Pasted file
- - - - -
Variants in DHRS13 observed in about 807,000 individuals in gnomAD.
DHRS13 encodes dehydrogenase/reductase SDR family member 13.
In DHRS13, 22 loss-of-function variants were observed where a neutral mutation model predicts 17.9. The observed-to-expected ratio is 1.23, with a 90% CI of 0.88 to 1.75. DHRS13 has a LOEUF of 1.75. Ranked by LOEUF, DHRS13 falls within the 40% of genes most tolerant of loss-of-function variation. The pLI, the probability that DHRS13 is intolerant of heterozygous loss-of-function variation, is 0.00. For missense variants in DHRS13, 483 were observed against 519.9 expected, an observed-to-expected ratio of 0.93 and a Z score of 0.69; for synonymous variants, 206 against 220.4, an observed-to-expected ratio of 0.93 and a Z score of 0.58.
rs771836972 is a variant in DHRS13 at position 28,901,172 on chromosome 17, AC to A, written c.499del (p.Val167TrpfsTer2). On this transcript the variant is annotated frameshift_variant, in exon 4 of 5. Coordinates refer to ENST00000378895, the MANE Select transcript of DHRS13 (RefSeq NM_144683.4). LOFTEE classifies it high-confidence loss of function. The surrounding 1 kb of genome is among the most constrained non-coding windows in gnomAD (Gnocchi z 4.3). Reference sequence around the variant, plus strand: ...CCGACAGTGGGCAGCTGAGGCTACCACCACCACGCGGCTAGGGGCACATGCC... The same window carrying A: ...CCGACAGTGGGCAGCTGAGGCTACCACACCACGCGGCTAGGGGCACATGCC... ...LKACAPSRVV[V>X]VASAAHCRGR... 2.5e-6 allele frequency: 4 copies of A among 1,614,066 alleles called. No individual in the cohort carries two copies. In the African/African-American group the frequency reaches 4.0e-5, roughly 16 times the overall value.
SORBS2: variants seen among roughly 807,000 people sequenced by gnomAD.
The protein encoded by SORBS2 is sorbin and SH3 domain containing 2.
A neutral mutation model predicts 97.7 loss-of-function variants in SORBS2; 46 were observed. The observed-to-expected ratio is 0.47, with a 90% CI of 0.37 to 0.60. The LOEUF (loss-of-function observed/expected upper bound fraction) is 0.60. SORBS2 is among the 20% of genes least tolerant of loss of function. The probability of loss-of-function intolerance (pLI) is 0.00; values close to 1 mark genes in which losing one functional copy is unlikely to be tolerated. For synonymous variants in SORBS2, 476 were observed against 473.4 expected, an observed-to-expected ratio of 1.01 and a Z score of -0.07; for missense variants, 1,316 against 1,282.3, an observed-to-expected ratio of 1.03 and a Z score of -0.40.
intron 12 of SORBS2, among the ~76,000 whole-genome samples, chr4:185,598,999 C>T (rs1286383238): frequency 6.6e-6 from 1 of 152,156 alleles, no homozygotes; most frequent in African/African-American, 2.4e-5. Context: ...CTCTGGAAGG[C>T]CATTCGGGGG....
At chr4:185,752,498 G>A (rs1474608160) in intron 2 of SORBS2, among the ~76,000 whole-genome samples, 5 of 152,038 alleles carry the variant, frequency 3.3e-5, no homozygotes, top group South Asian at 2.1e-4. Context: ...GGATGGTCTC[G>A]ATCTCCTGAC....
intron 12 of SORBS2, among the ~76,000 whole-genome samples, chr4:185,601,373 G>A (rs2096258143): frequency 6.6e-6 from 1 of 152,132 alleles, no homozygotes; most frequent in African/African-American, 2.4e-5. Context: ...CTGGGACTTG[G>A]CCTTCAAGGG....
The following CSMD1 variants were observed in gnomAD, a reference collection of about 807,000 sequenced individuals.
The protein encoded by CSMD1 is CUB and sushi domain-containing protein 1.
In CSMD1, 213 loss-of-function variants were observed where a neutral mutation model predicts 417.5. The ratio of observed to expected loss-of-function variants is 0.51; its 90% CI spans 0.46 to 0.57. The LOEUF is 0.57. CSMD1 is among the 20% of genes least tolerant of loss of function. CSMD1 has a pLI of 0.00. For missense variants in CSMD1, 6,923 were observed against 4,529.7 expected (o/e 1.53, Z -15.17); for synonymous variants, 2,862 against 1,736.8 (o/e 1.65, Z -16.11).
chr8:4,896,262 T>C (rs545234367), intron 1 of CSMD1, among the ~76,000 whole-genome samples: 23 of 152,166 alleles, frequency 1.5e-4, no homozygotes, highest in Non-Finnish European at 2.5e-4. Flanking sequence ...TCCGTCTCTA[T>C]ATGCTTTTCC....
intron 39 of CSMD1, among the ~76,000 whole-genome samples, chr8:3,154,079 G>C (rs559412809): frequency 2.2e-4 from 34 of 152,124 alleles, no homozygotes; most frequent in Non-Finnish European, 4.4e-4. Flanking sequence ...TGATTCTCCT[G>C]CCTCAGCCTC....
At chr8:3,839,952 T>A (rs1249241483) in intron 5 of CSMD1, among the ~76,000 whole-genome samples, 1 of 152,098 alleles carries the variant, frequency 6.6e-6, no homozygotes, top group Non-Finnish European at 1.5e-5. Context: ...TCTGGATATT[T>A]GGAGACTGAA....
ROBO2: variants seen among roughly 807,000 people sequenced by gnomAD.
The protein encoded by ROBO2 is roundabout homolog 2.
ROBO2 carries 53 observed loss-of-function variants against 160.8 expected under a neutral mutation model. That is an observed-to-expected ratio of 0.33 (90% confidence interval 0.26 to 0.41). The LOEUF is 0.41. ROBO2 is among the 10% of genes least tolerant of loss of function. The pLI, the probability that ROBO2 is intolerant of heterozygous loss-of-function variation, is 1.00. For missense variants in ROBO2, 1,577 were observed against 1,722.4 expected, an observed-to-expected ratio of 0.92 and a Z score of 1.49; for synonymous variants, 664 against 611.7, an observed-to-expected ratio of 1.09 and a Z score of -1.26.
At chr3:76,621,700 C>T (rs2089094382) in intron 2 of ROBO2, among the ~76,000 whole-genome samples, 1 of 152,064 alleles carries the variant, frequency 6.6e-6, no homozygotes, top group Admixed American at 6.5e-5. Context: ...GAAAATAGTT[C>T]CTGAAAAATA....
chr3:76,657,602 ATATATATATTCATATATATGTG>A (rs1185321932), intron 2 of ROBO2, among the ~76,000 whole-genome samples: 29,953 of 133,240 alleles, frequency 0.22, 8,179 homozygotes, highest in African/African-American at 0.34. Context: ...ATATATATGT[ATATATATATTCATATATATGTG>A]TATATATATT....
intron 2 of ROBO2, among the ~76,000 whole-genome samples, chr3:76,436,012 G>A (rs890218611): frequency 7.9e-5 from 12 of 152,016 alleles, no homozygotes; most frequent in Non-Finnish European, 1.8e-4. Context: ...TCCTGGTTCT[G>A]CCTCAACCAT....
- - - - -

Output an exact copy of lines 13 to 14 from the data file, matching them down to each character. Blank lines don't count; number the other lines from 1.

In CSMD1, 213 loss-of-function variants were observed where a neutral mutation model predicts 417.5. The ratio of observed to expected loss-of-function variants is 0.51; its 90% CI spans 0.46 to 0.57. The LOEUF is 0.57. CSMD1 is among the 20% of genes least tolerant of loss of function. CSMD1 has a pLI of 0.00. For missense variants in CSMD1, 6,923 were observed against 4,529.7 expected (o/e 1.53, Z -15.17); for synonymous variants, 2,862 against 1,736.8 (o/e 1.65, Z -16.11).
chr8:4,896,262 T>C (rs545234367), intron 1 of CSMD1, among the ~76,000 whole-genome samples: 23 of 152,166 alleles, frequency 1.5e-4, no homozygotes, highest in Non-Finnish European at 2.5e-4. Flanking sequence ...TCCGTCTCTA[T>C]ATGCTTTTCC....